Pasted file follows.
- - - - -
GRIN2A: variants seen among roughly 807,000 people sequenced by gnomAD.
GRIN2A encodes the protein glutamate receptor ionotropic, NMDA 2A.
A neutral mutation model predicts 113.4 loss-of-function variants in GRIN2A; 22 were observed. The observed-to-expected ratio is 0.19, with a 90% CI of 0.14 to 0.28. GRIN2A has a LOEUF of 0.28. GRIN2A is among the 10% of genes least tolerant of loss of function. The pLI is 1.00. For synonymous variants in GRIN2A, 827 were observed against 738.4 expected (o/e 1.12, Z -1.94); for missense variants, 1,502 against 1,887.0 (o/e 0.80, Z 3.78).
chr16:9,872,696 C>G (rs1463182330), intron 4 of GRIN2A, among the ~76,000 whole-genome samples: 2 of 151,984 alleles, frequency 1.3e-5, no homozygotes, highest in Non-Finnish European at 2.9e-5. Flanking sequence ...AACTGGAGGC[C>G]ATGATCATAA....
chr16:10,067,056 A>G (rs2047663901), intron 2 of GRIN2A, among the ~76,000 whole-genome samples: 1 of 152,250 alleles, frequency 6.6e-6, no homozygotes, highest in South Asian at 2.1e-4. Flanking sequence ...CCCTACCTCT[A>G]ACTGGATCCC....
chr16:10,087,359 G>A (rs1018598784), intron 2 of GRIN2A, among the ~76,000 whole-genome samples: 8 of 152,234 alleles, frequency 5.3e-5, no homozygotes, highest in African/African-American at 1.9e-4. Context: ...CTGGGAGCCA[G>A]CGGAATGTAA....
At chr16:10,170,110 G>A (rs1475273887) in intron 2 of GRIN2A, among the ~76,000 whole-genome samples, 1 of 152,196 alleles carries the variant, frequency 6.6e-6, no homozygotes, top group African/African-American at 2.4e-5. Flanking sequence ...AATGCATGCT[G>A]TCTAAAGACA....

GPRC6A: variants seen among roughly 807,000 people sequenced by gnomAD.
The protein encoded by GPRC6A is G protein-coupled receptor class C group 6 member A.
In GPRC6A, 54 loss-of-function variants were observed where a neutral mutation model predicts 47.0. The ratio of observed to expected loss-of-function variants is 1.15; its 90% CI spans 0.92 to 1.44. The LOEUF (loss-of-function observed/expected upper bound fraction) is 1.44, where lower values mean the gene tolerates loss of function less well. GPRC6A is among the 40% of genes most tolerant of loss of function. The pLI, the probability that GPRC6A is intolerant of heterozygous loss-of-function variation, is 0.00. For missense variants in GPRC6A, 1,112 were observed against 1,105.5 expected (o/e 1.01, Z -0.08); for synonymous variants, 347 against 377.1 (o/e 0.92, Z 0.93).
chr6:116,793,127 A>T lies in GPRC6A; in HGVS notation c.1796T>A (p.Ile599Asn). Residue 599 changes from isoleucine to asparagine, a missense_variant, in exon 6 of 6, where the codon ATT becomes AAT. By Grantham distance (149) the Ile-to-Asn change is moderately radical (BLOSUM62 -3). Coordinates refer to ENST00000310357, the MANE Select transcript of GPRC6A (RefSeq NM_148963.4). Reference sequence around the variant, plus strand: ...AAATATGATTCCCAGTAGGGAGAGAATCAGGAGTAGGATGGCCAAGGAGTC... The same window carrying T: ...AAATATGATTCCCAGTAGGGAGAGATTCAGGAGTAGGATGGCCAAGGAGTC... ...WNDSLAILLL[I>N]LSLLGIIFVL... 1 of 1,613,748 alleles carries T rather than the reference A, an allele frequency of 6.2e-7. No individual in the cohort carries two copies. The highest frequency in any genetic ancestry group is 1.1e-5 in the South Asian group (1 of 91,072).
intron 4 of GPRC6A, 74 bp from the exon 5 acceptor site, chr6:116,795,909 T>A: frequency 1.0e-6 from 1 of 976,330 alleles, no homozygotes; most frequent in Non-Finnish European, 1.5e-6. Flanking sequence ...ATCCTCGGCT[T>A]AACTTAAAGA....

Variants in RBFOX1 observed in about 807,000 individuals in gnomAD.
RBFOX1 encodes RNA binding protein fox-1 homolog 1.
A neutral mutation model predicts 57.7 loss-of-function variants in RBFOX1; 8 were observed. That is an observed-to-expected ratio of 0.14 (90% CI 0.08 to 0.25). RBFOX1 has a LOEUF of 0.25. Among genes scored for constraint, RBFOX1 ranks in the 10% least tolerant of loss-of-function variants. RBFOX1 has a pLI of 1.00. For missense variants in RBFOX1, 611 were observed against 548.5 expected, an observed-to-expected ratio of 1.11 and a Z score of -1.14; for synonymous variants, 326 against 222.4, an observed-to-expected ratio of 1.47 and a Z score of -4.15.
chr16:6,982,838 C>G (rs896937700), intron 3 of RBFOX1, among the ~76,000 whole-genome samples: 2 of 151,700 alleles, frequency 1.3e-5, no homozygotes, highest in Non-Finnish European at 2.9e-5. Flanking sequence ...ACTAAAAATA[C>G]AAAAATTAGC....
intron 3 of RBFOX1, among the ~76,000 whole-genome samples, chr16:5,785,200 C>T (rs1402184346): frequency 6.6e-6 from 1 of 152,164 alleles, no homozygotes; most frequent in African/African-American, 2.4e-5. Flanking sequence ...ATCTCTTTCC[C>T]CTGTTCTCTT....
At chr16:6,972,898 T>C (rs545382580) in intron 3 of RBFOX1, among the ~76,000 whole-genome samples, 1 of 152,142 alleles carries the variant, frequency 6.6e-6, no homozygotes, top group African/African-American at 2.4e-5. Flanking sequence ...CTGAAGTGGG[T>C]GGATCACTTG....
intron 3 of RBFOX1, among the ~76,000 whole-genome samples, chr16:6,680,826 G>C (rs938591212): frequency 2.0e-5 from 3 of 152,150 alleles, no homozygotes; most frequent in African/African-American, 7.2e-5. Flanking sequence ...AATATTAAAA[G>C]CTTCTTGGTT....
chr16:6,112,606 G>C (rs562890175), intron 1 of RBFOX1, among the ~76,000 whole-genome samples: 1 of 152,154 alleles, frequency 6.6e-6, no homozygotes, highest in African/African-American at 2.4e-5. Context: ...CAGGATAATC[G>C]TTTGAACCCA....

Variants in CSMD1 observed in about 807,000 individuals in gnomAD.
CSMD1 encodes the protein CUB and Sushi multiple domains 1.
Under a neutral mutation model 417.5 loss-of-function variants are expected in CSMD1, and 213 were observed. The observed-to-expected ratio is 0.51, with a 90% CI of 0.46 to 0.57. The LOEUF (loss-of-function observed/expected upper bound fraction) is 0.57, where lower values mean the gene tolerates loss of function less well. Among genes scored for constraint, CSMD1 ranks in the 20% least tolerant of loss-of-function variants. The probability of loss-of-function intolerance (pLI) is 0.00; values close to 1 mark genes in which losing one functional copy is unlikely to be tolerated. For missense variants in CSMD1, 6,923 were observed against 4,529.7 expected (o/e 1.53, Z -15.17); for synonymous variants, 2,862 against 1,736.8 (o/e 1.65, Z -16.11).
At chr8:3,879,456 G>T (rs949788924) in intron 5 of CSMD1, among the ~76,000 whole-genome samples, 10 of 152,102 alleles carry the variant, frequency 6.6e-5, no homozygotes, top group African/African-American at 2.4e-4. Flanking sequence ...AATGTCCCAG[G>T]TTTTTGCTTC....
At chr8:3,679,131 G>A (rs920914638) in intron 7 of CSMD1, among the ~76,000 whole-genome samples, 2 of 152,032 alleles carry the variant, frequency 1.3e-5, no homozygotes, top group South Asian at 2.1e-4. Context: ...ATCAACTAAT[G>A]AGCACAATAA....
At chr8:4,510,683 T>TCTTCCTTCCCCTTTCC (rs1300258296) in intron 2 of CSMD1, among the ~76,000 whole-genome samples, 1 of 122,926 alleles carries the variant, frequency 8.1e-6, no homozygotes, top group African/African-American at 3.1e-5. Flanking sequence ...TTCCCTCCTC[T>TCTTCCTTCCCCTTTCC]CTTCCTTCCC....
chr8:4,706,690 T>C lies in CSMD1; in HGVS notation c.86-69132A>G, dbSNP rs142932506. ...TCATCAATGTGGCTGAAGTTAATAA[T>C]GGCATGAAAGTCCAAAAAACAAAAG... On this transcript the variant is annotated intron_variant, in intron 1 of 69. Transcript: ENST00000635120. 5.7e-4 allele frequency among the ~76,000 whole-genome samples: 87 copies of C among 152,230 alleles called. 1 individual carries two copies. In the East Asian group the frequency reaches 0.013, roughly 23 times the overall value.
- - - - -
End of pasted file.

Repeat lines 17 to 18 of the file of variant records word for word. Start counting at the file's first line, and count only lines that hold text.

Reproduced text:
intron 3 of RBFOX1, among the ~76,000 whole-genome samples, chr16:5,785,200 C>T (rs1402184346): frequency 6.6e-6 from 1 of 152,164 alleles, no homozygotes; most frequent in African/African-American, 2.4e-5. Flanking sequence ...ATCTCTTTCC[C>T]CTGTTCTCTT....
At chr16:6,972,898 T>C (rs545382580) in intron 3 of RBFOX1, among the ~76,000 whole-genome samples, 1 of 152,142 alleles carries the variant, frequency 6.6e-6, no homozygotes, top group African/African-American at 2.4e-5. Flanking sequence ...CTGAAGTGGG[T>C]GGATCACTTG....